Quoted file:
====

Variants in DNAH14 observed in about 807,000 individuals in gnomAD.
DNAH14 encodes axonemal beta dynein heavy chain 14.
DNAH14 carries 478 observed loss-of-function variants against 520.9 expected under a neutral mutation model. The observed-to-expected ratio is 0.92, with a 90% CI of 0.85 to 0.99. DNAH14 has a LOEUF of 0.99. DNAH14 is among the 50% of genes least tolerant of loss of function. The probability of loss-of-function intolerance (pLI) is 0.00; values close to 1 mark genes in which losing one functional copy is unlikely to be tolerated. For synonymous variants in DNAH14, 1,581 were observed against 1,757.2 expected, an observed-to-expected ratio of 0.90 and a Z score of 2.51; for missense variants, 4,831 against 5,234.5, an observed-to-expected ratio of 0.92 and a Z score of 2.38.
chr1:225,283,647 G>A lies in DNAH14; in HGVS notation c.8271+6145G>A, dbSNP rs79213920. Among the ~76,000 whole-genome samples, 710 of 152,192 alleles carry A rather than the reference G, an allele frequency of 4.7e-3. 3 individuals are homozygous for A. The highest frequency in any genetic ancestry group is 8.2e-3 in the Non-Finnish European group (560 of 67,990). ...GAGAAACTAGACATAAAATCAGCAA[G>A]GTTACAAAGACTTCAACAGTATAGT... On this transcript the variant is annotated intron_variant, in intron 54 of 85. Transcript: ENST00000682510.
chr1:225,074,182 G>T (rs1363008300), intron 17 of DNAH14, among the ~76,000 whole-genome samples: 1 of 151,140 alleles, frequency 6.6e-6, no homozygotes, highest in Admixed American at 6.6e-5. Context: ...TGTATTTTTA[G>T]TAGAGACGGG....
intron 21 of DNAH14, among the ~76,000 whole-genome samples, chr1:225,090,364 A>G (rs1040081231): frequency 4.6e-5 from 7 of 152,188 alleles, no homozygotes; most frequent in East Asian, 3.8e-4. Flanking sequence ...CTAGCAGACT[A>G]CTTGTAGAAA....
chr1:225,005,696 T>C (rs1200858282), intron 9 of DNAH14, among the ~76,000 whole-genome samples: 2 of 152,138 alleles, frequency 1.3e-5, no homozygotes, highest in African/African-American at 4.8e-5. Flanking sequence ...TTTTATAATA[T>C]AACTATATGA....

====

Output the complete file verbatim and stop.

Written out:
Variants in DNAH14 observed in about 807,000 individuals in gnomAD.
DNAH14 encodes axonemal beta dynein heavy chain 14.
DNAH14 carries 478 observed loss-of-function variants against 520.9 expected under a neutral mutation model. The observed-to-expected ratio is 0.92, with a 90% CI of 0.85 to 0.99. DNAH14 has a LOEUF of 0.99. DNAH14 is among the 50% of genes least tolerant of loss of function. The probability of loss-of-function intolerance (pLI) is 0.00; values close to 1 mark genes in which losing one functional copy is unlikely to be tolerated. For synonymous variants in DNAH14, 1,581 were observed against 1,757.2 expected, an observed-to-expected ratio of 0.90 and a Z score of 2.51; for missense variants, 4,831 against 5,234.5, an observed-to-expected ratio of 0.92 and a Z score of 2.38.
chr1:225,283,647 G>A lies in DNAH14; in HGVS notation c.8271+6145G>A, dbSNP rs79213920. Among the ~76,000 whole-genome samples, 710 of 152,192 alleles carry A rather than the reference G, an allele frequency of 4.7e-3. 3 individuals are homozygous for A. The highest frequency in any genetic ancestry group is 8.2e-3 in the Non-Finnish European group (560 of 67,990). ...GAGAAACTAGACATAAAATCAGCAA[G>A]GTTACAAAGACTTCAACAGTATAGT... On this transcript the variant is annotated intron_variant, in intron 54 of 85. Transcript: ENST00000682510.
chr1:225,074,182 G>T (rs1363008300), intron 17 of DNAH14, among the ~76,000 whole-genome samples: 1 of 151,140 alleles, frequency 6.6e-6, no homozygotes, highest in Admixed American at 6.6e-5. Context: ...TGTATTTTTA[G>T]TAGAGACGGG....
intron 21 of DNAH14, among the ~76,000 whole-genome samples, chr1:225,090,364 A>G (rs1040081231): frequency 4.6e-5 from 7 of 152,188 alleles, no homozygotes; most frequent in East Asian, 3.8e-4. Flanking sequence ...CTAGCAGACT[A>G]CTTGTAGAAA....
chr1:225,005,696 T>C (rs1200858282), intron 9 of DNAH14, among the ~76,000 whole-genome samples: 2 of 152,138 alleles, frequency 1.3e-5, no homozygotes, highest in African/African-American at 4.8e-5. Flanking sequence ...TTTTATAATA[T>C]AACTATATGA....